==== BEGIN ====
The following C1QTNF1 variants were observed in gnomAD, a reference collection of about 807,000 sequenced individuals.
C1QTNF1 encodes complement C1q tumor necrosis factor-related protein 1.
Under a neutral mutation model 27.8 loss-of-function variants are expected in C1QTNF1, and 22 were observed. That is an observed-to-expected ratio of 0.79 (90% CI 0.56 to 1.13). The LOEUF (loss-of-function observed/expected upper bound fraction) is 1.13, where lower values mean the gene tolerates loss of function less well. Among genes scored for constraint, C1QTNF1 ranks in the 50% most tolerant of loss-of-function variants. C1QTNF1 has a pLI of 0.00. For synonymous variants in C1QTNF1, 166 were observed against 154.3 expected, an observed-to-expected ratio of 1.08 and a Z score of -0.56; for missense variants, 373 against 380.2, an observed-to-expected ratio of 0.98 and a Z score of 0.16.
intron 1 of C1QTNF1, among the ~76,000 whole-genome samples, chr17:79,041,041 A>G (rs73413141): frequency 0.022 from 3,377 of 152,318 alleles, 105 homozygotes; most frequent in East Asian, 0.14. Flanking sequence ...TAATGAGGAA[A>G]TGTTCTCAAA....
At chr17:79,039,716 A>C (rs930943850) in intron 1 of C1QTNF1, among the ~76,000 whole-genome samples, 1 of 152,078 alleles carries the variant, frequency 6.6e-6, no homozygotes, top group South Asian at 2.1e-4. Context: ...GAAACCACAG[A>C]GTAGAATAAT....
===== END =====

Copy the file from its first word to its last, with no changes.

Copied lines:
The following C1QTNF1 variants were observed in gnomAD, a reference collection of about 807,000 sequenced individuals.
C1QTNF1 encodes complement C1q tumor necrosis factor-related protein 1.
Under a neutral mutation model 27.8 loss-of-function variants are expected in C1QTNF1, and 22 were observed. That is an observed-to-expected ratio of 0.79 (90% CI 0.56 to 1.13). The LOEUF (loss-of-function observed/expected upper bound fraction) is 1.13, where lower values mean the gene tolerates loss of function less well. Among genes scored for constraint, C1QTNF1 ranks in the 50% most tolerant of loss-of-function variants. C1QTNF1 has a pLI of 0.00. For synonymous variants in C1QTNF1, 166 were observed against 154.3 expected, an observed-to-expected ratio of 1.08 and a Z score of -0.56; for missense variants, 373 against 380.2, an observed-to-expected ratio of 0.98 and a Z score of 0.16.
intron 1 of C1QTNF1, among the ~76,000 whole-genome samples, chr17:79,041,041 A>G (rs73413141): frequency 0.022 from 3,377 of 152,318 alleles, 105 homozygotes; most frequent in East Asian, 0.14. Flanking sequence ...TAATGAGGAA[A>G]TGTTCTCAAA....
At chr17:79,039,716 A>C (rs930943850) in intron 1 of C1QTNF1, among the ~76,000 whole-genome samples, 1 of 152,078 alleles carries the variant, frequency 6.6e-6, no homozygotes, top group South Asian at 2.1e-4. Context: ...GAAACCACAG[A>C]GTAGAATAAT....